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Posted: May 15, 2009

Green catalysis makes a splash

(Nanowerk News) Replacing hazardous solvents with water and improving efficiencies are ways that chemists can reduce the environmental impact of their reactions—a central goal of the ‘green chemistry’ movement. Now, Yasuhiro Uozumi and colleagues from the RIKEN Advanced Science Institute in Wako have developed recyclable catalysts that selectively generate chiral organic molecules in water – a nearly ideal green chemical process ("Asymmetric Suzuki-Miyaura Coupling in Water with a Chiral Palladium Catalyst Supported on an Amphiphilic Resin").
Chiral compounds are molecules that contain an asymmetric site in their structure. This asymmetry means that two enantiomers, molecules that are chemically identical but organized so that they are mirror images of each other, are found for each chiral substance. Because enantiomers can have drastically different properties—one may be therapeutic while the other is toxic, for example—it is crucial for chemists to be able to control the chirality of their reactions.
Uozumi’s group specializes in the technique of asymmetric catalysis, in which a chiral metal catalyst is used to generate specific enantiomers with high yields and little waste. In their latest work, the researchers have discovered how to couple two naphthalene-based molecules into a single chiral compound by using a specially designed palladium catalyst.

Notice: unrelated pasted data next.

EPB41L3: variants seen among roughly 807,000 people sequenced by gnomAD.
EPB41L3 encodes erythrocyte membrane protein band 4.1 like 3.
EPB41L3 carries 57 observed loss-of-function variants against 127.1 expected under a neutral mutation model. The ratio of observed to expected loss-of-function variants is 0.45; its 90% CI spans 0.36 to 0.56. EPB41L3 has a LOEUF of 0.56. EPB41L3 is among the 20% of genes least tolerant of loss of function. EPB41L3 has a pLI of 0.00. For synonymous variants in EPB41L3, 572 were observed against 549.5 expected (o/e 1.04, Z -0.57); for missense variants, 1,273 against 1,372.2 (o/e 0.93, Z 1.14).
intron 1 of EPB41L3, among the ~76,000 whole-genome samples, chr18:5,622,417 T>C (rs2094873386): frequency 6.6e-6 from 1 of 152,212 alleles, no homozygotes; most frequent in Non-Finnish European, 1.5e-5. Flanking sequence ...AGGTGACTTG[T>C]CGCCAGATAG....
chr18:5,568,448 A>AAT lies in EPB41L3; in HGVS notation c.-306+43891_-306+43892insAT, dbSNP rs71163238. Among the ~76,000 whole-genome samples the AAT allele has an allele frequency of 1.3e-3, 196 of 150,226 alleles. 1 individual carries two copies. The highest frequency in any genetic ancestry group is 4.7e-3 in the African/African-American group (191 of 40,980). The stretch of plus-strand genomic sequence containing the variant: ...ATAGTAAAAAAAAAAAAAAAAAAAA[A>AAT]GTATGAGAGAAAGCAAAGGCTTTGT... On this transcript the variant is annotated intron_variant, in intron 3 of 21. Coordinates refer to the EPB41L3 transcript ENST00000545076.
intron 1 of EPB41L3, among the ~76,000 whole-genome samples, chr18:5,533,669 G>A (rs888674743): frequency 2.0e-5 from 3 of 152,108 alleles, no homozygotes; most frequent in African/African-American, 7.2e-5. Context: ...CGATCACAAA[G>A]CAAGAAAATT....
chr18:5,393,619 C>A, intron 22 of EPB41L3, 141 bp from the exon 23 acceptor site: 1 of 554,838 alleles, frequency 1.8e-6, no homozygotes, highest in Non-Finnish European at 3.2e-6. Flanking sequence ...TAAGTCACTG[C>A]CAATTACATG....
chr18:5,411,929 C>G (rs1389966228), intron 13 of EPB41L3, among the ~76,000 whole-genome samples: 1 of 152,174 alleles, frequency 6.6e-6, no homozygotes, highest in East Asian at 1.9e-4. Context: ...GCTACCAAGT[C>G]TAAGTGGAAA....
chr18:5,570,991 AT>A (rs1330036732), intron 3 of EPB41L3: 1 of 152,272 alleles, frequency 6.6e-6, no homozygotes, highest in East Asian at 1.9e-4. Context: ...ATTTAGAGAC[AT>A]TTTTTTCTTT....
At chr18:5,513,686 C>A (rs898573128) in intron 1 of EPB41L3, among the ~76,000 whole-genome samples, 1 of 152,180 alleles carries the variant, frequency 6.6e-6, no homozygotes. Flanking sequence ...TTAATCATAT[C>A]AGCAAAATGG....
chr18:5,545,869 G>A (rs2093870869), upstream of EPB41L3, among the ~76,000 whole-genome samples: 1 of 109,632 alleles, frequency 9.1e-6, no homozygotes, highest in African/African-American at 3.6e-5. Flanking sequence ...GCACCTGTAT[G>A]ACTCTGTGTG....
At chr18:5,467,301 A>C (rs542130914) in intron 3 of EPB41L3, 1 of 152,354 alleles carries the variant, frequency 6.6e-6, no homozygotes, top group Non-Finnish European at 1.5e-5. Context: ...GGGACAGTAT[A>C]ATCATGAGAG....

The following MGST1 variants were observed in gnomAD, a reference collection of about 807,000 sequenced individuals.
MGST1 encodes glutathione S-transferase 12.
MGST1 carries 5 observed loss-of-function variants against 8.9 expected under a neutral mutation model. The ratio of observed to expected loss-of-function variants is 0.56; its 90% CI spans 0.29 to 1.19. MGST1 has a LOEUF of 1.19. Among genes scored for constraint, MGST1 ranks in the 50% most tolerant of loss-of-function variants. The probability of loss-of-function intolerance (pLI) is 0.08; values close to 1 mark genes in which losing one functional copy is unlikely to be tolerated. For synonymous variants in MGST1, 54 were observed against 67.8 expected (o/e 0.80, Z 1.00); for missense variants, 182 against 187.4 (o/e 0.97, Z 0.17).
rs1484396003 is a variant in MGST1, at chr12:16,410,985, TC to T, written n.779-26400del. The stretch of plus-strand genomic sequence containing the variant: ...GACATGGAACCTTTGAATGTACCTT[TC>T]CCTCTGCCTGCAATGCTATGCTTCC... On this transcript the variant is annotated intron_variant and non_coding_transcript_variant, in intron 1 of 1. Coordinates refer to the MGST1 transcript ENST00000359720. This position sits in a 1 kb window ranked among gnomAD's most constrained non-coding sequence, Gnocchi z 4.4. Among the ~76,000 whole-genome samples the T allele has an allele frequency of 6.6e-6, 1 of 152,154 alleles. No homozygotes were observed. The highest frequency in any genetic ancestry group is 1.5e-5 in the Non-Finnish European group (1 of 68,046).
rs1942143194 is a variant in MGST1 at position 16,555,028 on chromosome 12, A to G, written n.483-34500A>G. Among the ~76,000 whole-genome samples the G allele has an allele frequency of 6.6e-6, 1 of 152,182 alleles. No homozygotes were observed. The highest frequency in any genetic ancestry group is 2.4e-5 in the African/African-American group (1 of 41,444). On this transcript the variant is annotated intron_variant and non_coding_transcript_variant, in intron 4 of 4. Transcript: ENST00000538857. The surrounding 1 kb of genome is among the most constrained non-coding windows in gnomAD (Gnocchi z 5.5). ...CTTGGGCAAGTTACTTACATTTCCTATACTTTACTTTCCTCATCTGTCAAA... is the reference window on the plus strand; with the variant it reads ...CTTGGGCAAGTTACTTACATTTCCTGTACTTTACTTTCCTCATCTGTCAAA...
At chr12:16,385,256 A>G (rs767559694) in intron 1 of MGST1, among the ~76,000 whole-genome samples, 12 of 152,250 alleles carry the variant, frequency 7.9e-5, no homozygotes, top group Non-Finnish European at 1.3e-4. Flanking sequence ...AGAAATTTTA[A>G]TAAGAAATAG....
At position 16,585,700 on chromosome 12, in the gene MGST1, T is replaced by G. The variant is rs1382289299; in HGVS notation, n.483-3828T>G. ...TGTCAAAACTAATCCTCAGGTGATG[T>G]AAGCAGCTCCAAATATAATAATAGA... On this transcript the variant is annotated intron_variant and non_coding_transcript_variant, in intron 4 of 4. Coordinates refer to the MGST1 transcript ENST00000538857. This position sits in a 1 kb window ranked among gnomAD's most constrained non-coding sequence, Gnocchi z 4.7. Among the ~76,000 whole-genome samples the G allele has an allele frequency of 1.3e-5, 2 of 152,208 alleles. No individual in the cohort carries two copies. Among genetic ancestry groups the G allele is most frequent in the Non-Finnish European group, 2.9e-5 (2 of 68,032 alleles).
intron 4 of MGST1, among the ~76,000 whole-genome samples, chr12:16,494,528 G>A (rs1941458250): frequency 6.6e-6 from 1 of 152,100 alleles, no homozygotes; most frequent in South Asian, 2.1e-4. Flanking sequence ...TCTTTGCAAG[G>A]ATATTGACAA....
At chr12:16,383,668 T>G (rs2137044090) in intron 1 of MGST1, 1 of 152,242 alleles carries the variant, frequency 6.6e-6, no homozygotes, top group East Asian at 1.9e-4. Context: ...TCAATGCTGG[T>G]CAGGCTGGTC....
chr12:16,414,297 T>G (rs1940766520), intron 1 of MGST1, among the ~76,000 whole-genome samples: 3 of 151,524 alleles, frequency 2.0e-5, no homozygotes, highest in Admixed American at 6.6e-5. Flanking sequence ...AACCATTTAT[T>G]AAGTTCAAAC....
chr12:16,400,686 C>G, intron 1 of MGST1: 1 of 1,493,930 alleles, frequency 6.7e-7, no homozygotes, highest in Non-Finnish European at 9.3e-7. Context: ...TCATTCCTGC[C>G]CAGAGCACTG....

Optical microscopy and electron microscopy (inset) images of the polystyrene–polyethylene catalyst beads
Figure 1: Optical microscopy and electron microscopy (inset) images of the polystyrene–polyethylene catalyst beads.
The catalyst developed by Uozumi contained a large chiral molecule, named imidazoindole phosphine, which forms a complex around the palladium metal. The geometry of this catalyst allows only one enantiomer type to emerge from the coupling reaction. The researchers found that the catalyzed reaction was up to 94% selective, and could be performed with a wide range of starting materials.
“High enantiomer selectivity is seen because the imidazoindole ligands provide a rigid and effective chiral environment,” says Uozumi. “And, the catalyst has high activity because of the bulky and basic phosphine substituents attached to palladium.”
Next, Uozumi’s team attached the palladium catalysts to very small polystyrene–polyethylene beads (Fig. 1) so that they could perform the chiral coupling in a water medium. The solid polymer supports made the catalysts easily recyclable and preserved the catalyst activity in an aqueous environment.
“The polymer support helps the catalyst become water-compatible, which is the key to driving the catalysis in water,” says Uozumi. The researchers found that the catalytic coupling performed just as well in water as in a traditional organic solvent.
According to Uozumi, tightening regulatory environments make the development of sustainable chemical reactions, like his water-based catalysis, a true necessity. “Meeting ‘green’ and safe chemical requirements is rapidly becoming very important in the field of chemical processes,” he says.
Source: RIKEN